Land grabbing in Louisiana is having a significant impact on agriculture.
This week, the Louisiana Agriculture Department and the Louisiana Land Commission are meeting to try and find a way to deal with it.
On Wednesday, the state’s legislature will vote on a bill that would make it illegal for farmers to acquire land, with penalties ranging from a $100 fine to $1,000 in fines.
The bill also would create a process for the state to review land acquisitions.
The governor is expected to sign the bill into law.
It is one of many recent agricultural reforms that have made Louisiana a model for the country, but there are concerns that it is not working.
In a study released in January, Louisiana ranked last in the nation for farm-loss insurance, a measure that provides cash assistance to farm owners who have lost their land.
A separate study published by the University of Missouri School of Law found that farmers are paying the most for their property than the federal government.
The Louisiana farm loss program was first created in 1995, and the state has since expanded it to cover 90 percent of all agricultural land in the state.
A bill to create a program to pay farmers in Louisiana for the value of their property was introduced in Congress in 2018.
But many agricultural economists say that the program has not been effective, and that the state is losing money.
“In Louisiana, land is the most valuable commodity in the world,” says Richard Smith, a professor of agronomy at LSU and a former state senator.
“It is one-third of the value, and yet farmers are being forced to pay for land they are not producing on.”
The farm loss insurance program covers loss of agricultural land, including those owned by small- and medium-sized businesses, but it does not cover losses caused by large landowners, such as large developers, who have built large farms and built roads.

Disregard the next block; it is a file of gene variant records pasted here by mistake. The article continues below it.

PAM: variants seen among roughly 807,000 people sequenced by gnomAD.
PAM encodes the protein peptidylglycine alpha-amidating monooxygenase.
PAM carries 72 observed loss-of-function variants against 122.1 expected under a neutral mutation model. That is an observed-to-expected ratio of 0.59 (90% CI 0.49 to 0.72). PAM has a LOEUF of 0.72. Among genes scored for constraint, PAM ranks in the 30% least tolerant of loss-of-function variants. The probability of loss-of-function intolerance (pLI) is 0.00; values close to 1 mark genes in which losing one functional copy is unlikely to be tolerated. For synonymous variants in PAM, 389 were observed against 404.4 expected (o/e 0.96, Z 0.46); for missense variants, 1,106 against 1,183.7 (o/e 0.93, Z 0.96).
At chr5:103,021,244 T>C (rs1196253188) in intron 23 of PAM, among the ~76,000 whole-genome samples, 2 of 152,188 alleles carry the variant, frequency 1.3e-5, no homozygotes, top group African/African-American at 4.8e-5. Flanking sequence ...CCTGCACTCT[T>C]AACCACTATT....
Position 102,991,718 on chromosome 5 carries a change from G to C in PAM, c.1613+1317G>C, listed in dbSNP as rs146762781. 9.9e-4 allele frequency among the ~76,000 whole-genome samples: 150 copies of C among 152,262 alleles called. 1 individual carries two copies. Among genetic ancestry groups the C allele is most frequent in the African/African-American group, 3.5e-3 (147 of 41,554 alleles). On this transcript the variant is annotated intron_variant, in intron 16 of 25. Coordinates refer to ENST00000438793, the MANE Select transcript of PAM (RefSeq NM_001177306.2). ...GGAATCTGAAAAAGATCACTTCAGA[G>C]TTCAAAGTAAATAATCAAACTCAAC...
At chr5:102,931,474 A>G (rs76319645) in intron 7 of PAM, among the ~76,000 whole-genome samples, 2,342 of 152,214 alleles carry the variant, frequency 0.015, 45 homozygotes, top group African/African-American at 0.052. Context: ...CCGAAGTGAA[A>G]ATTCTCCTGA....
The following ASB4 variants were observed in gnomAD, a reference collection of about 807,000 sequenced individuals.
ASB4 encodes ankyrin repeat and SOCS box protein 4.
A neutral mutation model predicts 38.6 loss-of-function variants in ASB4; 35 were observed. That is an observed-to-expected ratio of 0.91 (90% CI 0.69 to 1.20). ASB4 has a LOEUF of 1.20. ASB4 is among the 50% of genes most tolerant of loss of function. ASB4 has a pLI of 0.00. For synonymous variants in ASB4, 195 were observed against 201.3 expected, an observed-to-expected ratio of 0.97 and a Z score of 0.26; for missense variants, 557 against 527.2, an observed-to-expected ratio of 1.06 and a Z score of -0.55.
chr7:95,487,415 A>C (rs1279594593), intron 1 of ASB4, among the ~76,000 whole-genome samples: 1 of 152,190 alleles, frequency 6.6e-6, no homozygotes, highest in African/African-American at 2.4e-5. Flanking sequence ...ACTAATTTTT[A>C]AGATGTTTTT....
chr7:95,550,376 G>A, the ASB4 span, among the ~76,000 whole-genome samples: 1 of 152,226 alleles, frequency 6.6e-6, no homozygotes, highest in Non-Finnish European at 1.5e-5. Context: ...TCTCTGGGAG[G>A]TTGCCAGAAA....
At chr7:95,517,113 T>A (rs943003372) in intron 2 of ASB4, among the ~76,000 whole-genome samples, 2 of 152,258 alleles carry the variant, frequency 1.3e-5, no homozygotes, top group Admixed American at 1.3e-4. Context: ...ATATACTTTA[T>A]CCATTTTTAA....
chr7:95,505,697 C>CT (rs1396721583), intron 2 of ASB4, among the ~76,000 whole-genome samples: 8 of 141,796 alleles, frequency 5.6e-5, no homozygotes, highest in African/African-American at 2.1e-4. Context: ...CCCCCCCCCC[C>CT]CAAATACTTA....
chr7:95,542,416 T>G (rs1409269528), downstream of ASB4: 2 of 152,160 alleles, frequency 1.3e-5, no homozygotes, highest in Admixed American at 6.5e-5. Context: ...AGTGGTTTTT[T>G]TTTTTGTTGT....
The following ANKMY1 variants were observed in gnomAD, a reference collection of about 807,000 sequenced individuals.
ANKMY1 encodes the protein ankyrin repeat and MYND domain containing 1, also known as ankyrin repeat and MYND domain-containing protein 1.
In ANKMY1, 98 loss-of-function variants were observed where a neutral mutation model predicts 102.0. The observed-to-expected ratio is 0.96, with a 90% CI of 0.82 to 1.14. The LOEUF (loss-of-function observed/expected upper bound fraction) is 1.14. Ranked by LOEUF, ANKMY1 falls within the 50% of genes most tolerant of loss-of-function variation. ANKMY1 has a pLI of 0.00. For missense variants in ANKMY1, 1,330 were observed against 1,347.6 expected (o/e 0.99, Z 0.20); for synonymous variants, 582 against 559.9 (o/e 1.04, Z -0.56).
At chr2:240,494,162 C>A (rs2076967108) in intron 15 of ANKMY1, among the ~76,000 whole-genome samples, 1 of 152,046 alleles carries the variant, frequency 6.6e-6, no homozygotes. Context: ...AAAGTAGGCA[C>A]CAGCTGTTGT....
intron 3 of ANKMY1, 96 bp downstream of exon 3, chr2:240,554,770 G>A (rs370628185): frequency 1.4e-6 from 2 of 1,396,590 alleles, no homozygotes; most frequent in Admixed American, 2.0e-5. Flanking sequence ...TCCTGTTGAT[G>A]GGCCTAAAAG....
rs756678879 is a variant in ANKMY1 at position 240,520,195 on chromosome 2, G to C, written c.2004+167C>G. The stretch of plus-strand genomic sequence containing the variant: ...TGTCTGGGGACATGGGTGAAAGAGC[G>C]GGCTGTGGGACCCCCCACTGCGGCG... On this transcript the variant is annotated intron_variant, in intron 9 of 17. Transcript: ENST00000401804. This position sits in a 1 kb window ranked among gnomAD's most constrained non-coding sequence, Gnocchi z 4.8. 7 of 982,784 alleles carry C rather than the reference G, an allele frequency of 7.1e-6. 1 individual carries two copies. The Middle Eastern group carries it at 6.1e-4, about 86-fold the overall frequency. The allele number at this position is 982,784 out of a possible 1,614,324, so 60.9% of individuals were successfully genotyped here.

In addition, there is no guarantee that the losses will be offset by future property tax revenue.
“Land is an insurance policy, not a guarantee,” Smith says.
The farm-in-law bill passed the state House and the Senate in April, and Gov.
John Bel Edwards signed it into law on Wednesday.
However, a bill introduced by state Sen. James McGovern, a Democrat, would make the state an exception to the law.
McGovern says that a law that prohibits farming without an appraisal, but does not require that an appraisal be done, is a better policy than one that requires a land acquisition.
The state already allows farmers to apply for a loan to purchase their land, but only if they have already paid a fee for it.
McDavid, however, says that this does not address the problem of land ownership.
“This bill doesn’t take away the value that has been lost, but rather gives it back to farmers who are able to get it back,” McGovern said in a statement.
“We need to take a different approach to land, one that is fair and equitable for the average person.”
The Louisiana Land Board will hold its first public hearing on the farm-law measure on Thursday, May 14, at 7:30 a.m.
The Land Board is currently considering a number of proposals that could allow farmers to purchase land from non-residents without an assessment.
These include an increase in the maximum annual income allowed, a reduction in the number of days that a farmer can claim for the loss of the land, and a requirement that land be conveyed by a non-resident to a farmer.
However the board has yet to vote on any of the proposed changes.